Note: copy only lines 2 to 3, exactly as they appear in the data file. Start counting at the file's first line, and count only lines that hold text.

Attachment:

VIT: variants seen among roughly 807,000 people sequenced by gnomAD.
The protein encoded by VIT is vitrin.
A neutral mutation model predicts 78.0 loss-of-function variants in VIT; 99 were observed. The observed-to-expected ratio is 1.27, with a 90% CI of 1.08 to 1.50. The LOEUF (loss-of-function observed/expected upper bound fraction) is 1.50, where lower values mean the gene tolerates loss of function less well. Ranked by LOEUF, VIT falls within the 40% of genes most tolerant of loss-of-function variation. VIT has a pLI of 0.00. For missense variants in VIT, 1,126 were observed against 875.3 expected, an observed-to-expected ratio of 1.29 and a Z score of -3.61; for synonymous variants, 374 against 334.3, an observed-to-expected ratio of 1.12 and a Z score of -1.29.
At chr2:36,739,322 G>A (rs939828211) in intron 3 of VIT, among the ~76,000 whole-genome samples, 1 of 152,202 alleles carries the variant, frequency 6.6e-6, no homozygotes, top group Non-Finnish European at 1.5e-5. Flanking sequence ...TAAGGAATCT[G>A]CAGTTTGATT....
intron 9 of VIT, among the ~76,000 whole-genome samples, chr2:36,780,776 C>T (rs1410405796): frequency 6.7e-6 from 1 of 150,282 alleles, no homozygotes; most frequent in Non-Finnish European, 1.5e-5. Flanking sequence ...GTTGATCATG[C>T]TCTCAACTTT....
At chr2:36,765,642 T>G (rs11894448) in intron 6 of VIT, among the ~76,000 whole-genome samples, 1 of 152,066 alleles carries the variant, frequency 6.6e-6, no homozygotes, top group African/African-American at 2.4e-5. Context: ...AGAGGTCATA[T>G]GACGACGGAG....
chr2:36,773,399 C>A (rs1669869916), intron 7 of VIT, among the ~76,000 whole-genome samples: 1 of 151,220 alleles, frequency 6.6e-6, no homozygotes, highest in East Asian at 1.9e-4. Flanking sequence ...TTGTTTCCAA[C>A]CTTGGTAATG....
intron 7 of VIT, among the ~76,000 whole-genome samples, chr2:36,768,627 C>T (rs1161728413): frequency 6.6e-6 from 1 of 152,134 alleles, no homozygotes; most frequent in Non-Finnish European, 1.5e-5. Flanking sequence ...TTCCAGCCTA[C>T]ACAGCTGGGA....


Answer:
The protein encoded by VIT is vitrin.
A neutral mutation model predicts 78.0 loss-of-function variants in VIT; 99 were observed. The observed-to-expected ratio is 1.27, with a 90% CI of 1.08 to 1.50. The LOEUF (loss-of-function observed/expected upper bound fraction) is 1.50, where lower values mean the gene tolerates loss of function less well. Ranked by LOEUF, VIT falls within the 40% of genes most tolerant of loss-of-function variation. VIT has a pLI of 0.00. For missense variants in VIT, 1,126 were observed against 875.3 expected, an observed-to-expected ratio of 1.29 and a Z score of -3.61; for synonymous variants, 374 against 334.3, an observed-to-expected ratio of 1.12 and a Z score of -1.29.